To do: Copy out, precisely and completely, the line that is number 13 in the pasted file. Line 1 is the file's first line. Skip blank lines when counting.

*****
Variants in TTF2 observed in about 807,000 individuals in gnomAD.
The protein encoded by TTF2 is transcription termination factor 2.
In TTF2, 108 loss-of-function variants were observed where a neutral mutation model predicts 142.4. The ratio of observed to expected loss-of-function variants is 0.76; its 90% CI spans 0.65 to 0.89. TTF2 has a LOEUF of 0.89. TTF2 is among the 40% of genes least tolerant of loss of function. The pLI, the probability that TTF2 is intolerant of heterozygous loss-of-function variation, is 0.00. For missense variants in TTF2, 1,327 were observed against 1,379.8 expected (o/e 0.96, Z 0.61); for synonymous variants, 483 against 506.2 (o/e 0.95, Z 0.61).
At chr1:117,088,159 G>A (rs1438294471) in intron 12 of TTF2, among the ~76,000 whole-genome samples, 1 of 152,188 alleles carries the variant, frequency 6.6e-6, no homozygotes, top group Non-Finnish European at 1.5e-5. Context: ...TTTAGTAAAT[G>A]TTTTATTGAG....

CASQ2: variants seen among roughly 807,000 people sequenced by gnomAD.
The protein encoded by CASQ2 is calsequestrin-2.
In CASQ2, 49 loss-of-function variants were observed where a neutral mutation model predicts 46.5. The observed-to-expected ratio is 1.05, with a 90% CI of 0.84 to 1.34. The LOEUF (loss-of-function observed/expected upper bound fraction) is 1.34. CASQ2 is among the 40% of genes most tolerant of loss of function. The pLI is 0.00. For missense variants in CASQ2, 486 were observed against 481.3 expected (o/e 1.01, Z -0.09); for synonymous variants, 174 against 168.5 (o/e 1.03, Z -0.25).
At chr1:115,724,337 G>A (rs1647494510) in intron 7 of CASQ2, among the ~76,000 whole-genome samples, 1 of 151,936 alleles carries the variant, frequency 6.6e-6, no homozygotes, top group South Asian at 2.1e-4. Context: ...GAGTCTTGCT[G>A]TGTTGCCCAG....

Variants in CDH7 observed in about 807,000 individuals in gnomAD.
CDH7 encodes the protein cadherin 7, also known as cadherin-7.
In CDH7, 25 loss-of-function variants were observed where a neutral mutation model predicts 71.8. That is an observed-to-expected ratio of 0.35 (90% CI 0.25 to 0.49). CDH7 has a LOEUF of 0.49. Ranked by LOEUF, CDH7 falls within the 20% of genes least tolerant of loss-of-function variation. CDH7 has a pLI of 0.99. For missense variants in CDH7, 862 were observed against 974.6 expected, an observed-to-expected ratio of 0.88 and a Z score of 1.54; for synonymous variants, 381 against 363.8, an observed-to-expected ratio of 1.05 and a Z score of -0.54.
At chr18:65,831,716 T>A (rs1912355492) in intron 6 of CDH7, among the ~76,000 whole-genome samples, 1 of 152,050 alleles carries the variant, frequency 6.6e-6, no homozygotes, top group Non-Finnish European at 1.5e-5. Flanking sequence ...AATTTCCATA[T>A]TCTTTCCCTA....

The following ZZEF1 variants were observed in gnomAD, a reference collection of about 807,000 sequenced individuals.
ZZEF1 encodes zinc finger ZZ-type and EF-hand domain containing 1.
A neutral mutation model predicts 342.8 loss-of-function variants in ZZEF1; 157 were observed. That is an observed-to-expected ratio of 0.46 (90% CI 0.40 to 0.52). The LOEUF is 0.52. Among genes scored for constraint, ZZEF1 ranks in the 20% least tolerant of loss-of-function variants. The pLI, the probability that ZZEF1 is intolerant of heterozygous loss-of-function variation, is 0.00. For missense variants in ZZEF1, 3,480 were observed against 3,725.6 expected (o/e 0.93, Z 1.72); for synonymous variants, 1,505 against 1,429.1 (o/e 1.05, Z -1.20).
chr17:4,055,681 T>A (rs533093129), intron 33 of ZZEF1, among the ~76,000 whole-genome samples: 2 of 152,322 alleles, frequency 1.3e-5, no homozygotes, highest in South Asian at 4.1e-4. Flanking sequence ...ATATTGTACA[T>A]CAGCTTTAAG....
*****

The following ZZEF1 variants were observed in gnomAD, a reference collection of about 807,000 sequenced individuals.